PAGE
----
A significant chunk of the inspiration behind the creation of the Club Whispers Lifestyle Clubs, is the world renowned Studio 54, the legendary New York nightclub that defined an era. It has since become synonymous with the glamour and excess of the late Seventies.
With the fierce determination to deliver legendary parties week in and week out, we have studied what made Studio 54 and other world class night clubs so successful and we plan to follow certain of their ingredients at Club Whispers.
THE COOLEST PLACE ON EARTH
In the late Seventies, Studio 54 was probably the coolest place on Earth. It was started by the socialites and entrepreneurs Steve Rubell and Ian Schrager.
The building which housed Studio 54, located at 254 West 54th Street in Manhattan had originally been a theatre, which made for an impressive party space. When the New York State Liquor Authority raided the premises a month after it opened, for selling unlicensed alcohol, its reputation for glamour only increased.
Regular visitors included Elizabeth Taylor, Andy Warhol, Mick Jagger, Michael Jackson, Calvin Klein, Truman Capote, Cher, John Travolta, Tina Turner, Elton John and Salvador Dali plus many more too numerous to list.
"The place was like nothing I'd ever seen before," photographer Tod Papageorge recalls. "It was an extraordinary situation. People around me were going crazy, basically, and I was trying to be passionate but remain cool enough to take pictures that would be clear and compelling."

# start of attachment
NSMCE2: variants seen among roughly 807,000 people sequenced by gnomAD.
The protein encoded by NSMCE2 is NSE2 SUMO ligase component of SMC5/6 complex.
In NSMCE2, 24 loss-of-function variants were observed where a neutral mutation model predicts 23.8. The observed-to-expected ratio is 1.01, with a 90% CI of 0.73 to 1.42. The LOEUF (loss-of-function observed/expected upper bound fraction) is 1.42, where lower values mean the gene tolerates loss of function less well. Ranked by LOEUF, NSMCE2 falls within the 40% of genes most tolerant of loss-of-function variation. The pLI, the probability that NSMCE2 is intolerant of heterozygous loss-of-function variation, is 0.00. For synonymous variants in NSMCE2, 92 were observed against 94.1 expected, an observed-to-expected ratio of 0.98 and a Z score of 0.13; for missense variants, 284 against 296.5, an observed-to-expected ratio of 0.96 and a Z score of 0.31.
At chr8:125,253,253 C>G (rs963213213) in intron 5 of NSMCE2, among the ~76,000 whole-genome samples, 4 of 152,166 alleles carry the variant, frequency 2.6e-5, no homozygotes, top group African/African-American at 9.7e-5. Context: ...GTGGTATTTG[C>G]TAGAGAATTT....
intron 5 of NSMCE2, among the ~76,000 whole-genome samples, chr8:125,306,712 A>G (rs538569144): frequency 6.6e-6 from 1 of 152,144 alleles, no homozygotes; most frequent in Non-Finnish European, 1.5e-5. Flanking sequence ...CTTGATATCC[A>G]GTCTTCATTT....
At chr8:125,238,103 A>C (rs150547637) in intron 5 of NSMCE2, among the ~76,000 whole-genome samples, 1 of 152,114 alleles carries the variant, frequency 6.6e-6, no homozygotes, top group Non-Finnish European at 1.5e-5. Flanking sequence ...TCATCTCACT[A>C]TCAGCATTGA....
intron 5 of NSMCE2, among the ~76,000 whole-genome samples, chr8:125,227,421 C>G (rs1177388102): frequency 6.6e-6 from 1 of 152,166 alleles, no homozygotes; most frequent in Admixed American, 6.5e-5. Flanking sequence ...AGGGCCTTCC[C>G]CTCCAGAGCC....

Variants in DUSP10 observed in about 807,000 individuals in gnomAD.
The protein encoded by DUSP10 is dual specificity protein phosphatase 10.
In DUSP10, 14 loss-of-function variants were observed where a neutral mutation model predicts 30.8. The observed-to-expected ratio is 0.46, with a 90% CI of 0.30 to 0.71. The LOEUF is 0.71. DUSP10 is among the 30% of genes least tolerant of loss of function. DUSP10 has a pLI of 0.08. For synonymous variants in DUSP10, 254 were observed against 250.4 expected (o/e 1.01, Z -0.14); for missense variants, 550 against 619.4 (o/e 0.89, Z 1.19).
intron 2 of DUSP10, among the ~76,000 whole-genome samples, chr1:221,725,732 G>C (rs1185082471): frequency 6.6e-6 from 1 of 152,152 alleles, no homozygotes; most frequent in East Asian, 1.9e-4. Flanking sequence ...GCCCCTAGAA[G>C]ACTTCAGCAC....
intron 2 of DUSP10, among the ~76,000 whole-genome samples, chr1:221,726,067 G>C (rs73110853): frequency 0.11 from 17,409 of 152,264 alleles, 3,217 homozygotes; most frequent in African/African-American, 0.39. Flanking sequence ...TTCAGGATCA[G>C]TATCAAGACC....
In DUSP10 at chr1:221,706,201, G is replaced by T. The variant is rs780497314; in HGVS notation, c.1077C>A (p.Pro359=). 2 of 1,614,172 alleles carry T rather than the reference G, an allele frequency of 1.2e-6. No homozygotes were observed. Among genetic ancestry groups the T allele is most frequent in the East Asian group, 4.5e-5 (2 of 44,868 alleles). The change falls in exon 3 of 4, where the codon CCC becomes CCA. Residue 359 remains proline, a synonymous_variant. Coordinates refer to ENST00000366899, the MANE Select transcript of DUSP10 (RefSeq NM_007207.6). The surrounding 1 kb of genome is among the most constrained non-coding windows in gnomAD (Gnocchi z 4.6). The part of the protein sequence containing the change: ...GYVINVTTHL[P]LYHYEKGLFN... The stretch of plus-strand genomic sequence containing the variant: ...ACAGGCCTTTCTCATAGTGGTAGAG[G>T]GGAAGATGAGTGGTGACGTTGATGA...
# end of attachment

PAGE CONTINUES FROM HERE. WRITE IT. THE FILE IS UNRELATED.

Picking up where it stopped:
THE POWER OF MUSIC & PEOPLE
"To me, mostly it was the people that set the scene," says Papageorge, "along with that throbbing disco beat, there were a lot of very beautiful and well-dressed people, particularly the women."
Indeed, Studio 54 was one of the most inaccessible nightclubs in the world. According to Papageorge, the owners wanted a "salad" of people in the club, comprising a mixture of the rich, famous, young and beautiful.
The doormen were charged with creating this combination, and they subjected every aspiring clubber to rigorous scrutiny. According to Papageorge, this was a "drawn out and difficult" process. "People would wait outside for hours," he says, "waiting to be judged.
By some standards only known by the doormen, it was decided who would get into the club."
Once inside, however, everybody was equal. As Andy Warhol famously said: "The key of the success of Studio 54 is that it's a dictatorship at the door and a democracy on the dance floor."